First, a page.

One day, after watching Jesus pray with great intensity, the Apostles asked him to teach them to pray as he prayed. Jesus taught them the prayer that we now know as the “Lord’s Prayer . ” Matt. 6:9-1 3 Catholics, non-Catholics and Non-Christians as well, say this prayer. It is a prayer that many people know by heart and say together at meetings. But when Jesus taught this prayer to the Apostles, it was intended to be more than a prayer to be repeated. It was how every prayer to God was to begin in one’s heart. If you say the prayer reflectively, you see what I mean.

The Lord’s prayer begins, “Our Father, who art in Heaven, hallowed be thy name.” Matt. 6:9. When we pray, we are not to pray to a distant impersonal God, but to the one and only God who created us and who has chosen us to be His children through baptism. Still we are to hold his very name blessed because He remains the all powerful, the all holy God and we approach him with appropriate respect and reverence.

Next we pray, “thy kingdom come, thy will be done on Earth as it is in Heaven.” Matt. 6:10. Jesus taught that the Kingdom of God was at hand now to those who accepted him. As Christians we pray to experience the fruits of the Kingdom of God at Hand now and for God’s will to be done in our lives while we continue our journey here on Earth. We strive to live in relationship with God now like the saints in heaven.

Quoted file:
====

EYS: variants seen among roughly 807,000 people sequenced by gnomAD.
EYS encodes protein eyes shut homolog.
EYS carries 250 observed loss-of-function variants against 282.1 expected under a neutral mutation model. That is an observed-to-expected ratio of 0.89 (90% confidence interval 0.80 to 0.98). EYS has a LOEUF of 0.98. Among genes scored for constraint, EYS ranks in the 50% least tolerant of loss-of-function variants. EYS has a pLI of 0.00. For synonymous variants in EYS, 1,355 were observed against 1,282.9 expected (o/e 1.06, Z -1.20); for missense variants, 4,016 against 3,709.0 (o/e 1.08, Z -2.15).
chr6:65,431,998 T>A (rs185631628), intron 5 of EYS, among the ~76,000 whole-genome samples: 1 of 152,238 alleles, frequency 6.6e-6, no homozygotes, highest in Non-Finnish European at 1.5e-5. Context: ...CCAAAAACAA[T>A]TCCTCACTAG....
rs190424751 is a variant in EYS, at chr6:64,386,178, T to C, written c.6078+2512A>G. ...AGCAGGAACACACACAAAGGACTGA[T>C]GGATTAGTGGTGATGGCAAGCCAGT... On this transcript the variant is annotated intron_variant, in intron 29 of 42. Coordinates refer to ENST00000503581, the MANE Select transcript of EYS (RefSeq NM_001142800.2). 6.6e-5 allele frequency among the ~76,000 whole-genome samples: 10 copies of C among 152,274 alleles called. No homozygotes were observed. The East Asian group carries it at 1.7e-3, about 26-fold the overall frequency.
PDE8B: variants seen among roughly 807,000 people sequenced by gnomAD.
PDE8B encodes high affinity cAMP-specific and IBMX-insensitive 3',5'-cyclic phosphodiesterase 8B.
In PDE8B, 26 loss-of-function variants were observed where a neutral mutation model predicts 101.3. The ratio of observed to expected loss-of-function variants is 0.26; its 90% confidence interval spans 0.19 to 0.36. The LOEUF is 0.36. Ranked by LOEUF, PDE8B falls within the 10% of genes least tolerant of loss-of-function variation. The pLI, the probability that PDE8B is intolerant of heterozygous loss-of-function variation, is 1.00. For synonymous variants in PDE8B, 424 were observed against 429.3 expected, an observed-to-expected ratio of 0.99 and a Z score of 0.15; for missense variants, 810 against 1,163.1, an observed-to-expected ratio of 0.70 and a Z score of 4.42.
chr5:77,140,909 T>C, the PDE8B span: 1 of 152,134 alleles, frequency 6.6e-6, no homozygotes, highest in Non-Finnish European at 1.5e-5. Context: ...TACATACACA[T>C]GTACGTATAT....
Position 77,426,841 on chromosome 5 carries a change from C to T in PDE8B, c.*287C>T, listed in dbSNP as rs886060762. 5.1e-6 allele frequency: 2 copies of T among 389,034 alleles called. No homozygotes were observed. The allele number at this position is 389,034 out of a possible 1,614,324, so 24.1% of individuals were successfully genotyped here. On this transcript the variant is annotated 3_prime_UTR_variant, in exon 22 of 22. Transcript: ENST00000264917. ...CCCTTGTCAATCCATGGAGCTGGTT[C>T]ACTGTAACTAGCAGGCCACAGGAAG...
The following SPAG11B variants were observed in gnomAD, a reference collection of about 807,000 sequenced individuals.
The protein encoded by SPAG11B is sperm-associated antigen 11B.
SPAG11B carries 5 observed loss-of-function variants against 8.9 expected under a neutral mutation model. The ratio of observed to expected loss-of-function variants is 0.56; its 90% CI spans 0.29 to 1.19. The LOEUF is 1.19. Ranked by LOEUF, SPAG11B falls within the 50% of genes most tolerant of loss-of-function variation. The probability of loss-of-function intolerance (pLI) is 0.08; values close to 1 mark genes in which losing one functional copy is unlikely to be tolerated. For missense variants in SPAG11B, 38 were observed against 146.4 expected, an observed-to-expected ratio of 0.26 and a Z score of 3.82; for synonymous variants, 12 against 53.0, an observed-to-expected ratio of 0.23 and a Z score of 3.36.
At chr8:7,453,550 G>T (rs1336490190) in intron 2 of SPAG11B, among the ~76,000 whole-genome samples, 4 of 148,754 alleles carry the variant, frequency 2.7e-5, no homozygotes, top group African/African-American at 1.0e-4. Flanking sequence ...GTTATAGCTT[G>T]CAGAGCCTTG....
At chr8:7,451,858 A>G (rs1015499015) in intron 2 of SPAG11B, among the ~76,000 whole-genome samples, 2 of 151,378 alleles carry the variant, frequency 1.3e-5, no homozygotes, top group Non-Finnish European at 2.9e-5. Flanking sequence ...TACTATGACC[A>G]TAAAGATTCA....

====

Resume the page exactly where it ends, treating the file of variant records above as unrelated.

Next we pray, “give us this day our daily bread.” Matt. 6:11. The bread that Jesus refers to is not Break-fast, Lunch and Dinner. He was the “bread of life” we desire. Jesus taught that “unless you eat my body and drink my blood, you shall not have life within you.” The daily bread that Jesus teaches us to pray for is his Body and Blood given first to the Apostles at the last supper and to us today at each mass offered daily in every part of the world.

Next we pray, “ forgive us our trespasses as we forgive those who trespass against us.” Matt. 6:12. Jesus taught that he came to “call sinners, not the self-righteous.” Unless we recognize our sinfulness and accept the salvation Jesus achieved for us on the cross, he has nothing to offer us. We are to recognize our sin-fulness and humbly ask pardon of God for our sins. But it is also unrealistic to ask pardon of God for our sins if we refuse to forgive others who sin against us. We are reminded here of the parable Jesus told about the servant who was forgiven a great debt but then proceeded to severely punish a fellow servant for a minor debt owed to him. Learning of this, the master recalled the unforgiving servant and severely punished him.

Next we pray, “Lead us not into temptation.” Matt. 6:13. This implies our willingness to follow Jesus’ lead rather than the allurements of the world. We are to pray to do the will of God rather than expect God to conform His will to ours and simply do what we ask of Him